All these above action methods can be invoked by using any HTTP request method (like GET, POST, PUT, DELETE). By default, ASP.NET MVC framework does not apply any restriction. But we can restrict our action method to be invoked by a specific HTTP request method. We can apply such restriction by using HTTP request method attributes as HttpGet, HttpPost, HttpPut and HttpDelete.

How to change an Action Method’s Name?

In ASP.NET MVC, we can use ActionName attribute to give a changed name to our action methods. Caller(the client) will be using the name given in ActionName attribute as:

Now, the Index() action method will be called by name “GetAllProducts”.

Action Results and Helper Methods

All above Action methods perform certain operations by interacting with Model and return output data back to View. Return type of an action method in ASP.NET MVC is called an action result. ASP.NET MVC framework provides an abstract class named “ActionResult” which is basically a base class for all action results. Also, there are many built-in action result types derived from ActionResult class like ViewResult, PartialViewResult, RedirectResult etc.
Following code snippet clearly shows that Index() action method has a return type ActionResult and View() as Helper Method.
Action Results & Helper Methods
Return type can be any of the derived type but it all depends what task an action method is performing. For example,

  • In case of redirect to another action method, Helper method will be Redirect() and action result will be RedirectResult(derived class of ActionResult).
    public RedirectResult Redirect()
    {
         return Redirect(“AboutMe”);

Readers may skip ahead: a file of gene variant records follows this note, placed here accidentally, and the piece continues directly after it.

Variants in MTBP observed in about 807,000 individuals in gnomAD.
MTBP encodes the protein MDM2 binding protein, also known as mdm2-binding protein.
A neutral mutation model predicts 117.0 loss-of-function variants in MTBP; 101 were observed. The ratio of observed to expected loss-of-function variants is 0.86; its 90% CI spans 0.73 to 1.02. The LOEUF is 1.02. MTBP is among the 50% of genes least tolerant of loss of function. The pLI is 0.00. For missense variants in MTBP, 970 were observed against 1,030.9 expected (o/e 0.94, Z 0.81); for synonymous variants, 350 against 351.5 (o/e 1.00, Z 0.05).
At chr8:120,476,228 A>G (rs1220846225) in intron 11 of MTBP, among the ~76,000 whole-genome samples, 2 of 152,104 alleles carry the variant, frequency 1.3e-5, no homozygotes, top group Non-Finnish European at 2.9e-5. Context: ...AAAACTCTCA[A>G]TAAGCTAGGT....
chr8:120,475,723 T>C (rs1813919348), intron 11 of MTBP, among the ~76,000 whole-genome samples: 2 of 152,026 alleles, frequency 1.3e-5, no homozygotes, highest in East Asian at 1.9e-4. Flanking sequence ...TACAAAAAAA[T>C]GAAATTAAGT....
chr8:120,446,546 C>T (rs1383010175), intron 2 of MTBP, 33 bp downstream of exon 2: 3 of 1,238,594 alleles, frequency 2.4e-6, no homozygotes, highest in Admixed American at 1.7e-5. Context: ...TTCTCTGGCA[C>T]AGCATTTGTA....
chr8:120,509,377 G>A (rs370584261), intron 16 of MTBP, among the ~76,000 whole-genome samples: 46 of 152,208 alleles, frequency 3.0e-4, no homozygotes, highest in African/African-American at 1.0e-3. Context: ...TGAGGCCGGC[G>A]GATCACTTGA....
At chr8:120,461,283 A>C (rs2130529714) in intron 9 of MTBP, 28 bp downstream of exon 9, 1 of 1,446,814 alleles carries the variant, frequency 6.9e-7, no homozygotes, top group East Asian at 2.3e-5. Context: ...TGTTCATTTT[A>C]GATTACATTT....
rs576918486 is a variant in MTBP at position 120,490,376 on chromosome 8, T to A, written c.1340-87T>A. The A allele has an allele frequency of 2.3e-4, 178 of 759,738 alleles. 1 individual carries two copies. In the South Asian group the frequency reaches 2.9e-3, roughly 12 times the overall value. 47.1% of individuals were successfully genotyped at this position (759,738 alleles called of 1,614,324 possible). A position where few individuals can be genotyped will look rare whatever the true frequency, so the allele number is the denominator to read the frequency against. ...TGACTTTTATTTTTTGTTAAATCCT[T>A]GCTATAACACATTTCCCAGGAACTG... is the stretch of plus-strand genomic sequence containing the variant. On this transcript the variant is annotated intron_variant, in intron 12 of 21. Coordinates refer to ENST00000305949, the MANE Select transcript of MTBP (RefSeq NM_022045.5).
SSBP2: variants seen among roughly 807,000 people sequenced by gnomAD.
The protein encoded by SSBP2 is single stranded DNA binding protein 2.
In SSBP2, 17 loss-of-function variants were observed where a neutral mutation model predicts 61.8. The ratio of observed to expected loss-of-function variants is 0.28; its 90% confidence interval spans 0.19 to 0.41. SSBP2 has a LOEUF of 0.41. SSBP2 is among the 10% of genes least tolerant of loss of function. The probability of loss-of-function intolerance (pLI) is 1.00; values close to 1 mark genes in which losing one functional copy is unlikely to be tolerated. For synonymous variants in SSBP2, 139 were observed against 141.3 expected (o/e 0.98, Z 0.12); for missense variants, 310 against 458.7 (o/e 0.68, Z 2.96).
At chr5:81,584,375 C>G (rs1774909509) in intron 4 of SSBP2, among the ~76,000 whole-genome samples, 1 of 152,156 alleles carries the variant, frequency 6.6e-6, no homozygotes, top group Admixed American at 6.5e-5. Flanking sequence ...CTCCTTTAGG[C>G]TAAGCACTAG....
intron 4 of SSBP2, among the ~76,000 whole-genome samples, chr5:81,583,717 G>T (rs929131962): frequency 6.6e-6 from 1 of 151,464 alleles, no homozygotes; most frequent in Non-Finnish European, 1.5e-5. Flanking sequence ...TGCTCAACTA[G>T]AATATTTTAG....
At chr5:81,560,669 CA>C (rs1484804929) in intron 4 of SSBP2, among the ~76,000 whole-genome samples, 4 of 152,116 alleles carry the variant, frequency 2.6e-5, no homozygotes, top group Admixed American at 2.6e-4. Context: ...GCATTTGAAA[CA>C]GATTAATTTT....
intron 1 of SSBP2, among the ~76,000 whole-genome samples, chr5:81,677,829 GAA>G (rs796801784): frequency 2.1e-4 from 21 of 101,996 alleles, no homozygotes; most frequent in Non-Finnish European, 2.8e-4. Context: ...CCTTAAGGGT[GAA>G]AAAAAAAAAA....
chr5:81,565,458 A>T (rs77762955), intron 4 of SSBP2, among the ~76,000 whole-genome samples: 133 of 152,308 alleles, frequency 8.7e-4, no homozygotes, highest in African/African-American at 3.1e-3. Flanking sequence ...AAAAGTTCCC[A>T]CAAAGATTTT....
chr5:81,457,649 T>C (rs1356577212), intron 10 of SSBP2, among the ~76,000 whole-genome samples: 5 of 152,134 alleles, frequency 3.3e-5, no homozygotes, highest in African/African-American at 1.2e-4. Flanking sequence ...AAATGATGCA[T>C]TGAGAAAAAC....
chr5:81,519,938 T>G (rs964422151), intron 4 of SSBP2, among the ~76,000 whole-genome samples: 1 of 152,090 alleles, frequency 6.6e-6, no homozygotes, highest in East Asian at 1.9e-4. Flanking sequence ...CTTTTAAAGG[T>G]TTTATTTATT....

}

     

  • Similarly, to return a JSON object, Helper method will be Json() and action result will be JsonResult (derived class of ActionResult).
    public JsonResult GetJsonData(List<Product> product)
    {
         return Json(data: product[0].Description.ToString());
    }

Following is a list of other important Action Result Types with Helper Methods:

Action Result

Helper Method

Short Description

ViewResult View It renders a view as a web page
PartialViewResult PartialView It renders a PartialView.
RedirectToRouteResult RedirectToAction or RedirectToRoute It redirects to another action method.
JavaScriptResult JavaScript It returns a script that can be executed on client.
FileResult File It returns a binary output to for response.
ContentResult Content To return user-defined content type.
Please follow here for a complete list of all ActionResult types with respective Helper methods.
Hopefully, it will be easy to implement ASP.NET MVC application. So, let’s create your first ASP.NET MVC 5 application with Entity Framework step by step.

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Category: ASP.NET MVC

About IMRAN ABDUL GHANI

Imran Abdul Ghani is working as Software Developer(Senior) with extensive knowledge in Web development technologies especially C#, ASP.NET, MVC, WCF, Web API, ADO.NET Entity Framework, jQuery etc. He has several years of experience in designing/developing enterprise level applications. He is Microsoft Certified Solution Developer for .NET (MCSD.NET) since 2005. You can reach his blogging at www.webdevelopmenthelp.net, www.topwcftutorials.net, and www.sharepointfordummies.net.